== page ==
According to another embodiment, and referring to FIG. 2, catalyst 34 can include a metal phosphorous composition. The metal phosphorous composition can comprise one or more of Si and Ti, for example. According to exemplary embodiments, the catalyst composition can comprise a solid substrate comprising one or more of SiO2, SiO2—Al2O3, and TiO2. The solid substrate can be impregnated with a phosphoric acid. The phosphoric acid can be from about 8% (wt./wt.) to about 35% (wt./wt.) of the catalyst composition. According to a particular embodiment, the catalyst composition can comprise a solid substrate including SiO2—Al2O3, and the solid substrate can be impregnated with a phosphoric acid from about 8% (wt./wt.) to about 30% (wt./wt.) of the catalyst composition. The catalyst composition can also include a solid substrate comprising SiO2, and the solid substrate can be impregnated with phosphoric acid to a level of from about 29% (wt./wt.) to about 35% (wt./wt.) of the catalyst composition. Impregnation of these metal phosphorous catalysts can be performed by incipient wetness of an appropriate quantity of 85 wt % H3PO4 in deionized water to give the desired loading during impregnation. Following impregnation, the catalysts can be dried at 100° C. and used without further treatment. The performance of these catalysts is shown below in Table 2.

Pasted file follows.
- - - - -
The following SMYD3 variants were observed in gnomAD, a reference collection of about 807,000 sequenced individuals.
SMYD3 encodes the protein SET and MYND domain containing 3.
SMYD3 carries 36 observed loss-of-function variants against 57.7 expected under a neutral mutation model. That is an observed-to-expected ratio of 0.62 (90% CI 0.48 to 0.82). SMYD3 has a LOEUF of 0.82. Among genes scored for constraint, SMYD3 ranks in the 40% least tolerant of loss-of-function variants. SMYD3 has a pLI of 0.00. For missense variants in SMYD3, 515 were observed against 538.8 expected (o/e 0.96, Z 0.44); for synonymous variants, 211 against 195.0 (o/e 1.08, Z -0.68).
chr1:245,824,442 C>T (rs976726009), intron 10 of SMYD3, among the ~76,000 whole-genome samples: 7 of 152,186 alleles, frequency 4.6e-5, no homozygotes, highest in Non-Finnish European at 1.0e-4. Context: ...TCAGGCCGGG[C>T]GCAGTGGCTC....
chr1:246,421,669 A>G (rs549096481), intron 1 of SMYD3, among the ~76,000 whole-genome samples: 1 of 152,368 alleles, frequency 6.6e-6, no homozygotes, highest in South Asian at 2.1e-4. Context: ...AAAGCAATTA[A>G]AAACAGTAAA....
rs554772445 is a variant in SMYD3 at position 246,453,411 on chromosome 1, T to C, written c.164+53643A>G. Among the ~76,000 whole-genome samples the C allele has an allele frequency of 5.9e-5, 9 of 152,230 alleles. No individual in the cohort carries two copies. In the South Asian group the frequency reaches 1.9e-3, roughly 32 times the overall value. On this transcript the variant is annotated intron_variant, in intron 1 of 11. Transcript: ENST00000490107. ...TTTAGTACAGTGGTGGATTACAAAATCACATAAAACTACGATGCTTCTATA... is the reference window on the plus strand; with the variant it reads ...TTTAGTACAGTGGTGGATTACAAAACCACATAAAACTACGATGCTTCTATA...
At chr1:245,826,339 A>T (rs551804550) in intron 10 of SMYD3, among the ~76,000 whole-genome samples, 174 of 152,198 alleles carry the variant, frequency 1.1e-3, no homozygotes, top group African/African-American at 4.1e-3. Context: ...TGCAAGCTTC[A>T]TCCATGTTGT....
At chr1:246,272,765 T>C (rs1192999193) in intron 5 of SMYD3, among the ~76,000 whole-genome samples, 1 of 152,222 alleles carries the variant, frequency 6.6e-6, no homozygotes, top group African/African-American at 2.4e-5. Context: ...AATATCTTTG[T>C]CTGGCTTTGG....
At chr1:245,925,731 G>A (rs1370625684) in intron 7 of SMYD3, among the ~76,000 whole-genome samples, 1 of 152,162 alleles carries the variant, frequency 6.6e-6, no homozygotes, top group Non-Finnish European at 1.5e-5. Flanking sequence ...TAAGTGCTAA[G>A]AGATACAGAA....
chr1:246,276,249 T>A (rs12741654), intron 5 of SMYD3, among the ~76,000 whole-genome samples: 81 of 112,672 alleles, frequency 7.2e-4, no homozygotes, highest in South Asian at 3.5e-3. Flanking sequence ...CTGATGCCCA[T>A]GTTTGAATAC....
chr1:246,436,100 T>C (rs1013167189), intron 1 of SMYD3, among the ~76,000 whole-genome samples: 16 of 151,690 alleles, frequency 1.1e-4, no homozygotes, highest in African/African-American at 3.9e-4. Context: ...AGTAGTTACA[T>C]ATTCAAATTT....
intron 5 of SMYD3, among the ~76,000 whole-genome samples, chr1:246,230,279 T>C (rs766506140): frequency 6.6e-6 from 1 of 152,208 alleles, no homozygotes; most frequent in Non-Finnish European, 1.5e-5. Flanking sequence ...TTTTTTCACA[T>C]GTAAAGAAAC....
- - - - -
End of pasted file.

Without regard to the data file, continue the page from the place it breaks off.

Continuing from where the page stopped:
Contact times shorter than 4 seconds can be sufficient to effect dehydration of glycerol at 300° C. In accordance with some embodiments, greater than 90% glycerol dehydration can be realized with contact times of 300 milliseconds or less. Reactions performed at less than about 280° C. can form coke as a by-product. For contact times greater than 200 milliseconds, conversion ranged between 40% and 99%. Selectivities for acrolein and acetol using solid phosphoric acid catalysts have been reported to be 70% and 10%, respectively. A shown in FIG. 3, a linear correlation can exist between carbon balance and selectivity for both acrolein and acetol. Such an observation could possibly indicate missing carbon in the form of polymer, coke or formic and acetic acids, arising from decomposition of acrolein and acetol or other intermediate products.
During this process, where the multihydric alcohol compound is glycerol, every mole of glycerol exposed to the catalyst composition can form at least about 0.4 moles of product composition. In accordance with another example, every mole of glycerol exposed to the catalyst composition can form from about 0.4 moles to about 0.99 moles of product composition. Where the product composition can include both acrolein and acetol, a ratio of acrolein to acetol and the product composition can be at least about 8:1 or from about 3.1 to 8.1.
In accordance with another embodiment, catalyst 34 can include a metal phosphate composition. The metal phosphate composition can include one or more elements from groups 2-7 and 9-12 of the periodic table of elements. The metal phosphate composition, for example, can include one or more of Cr, Mn, Fe, Co, Ni, Zn, La, Ca, Sr, Ba, Mo, Al, B, and Ru. The metal phosphate composition can be in the form of a metal dihydrogen phosphate, a metal hydrogen phosphate, or a metal phosphate. The metal phosphate composition can also include phosphoric acid. According to exemplary embodiments, the metal phosphate composition can include MO0.33H2.33PO4 with M being one or more of Cr, Mn, Fe, Ru, Co, Ni, Zn, Ba, B, or La.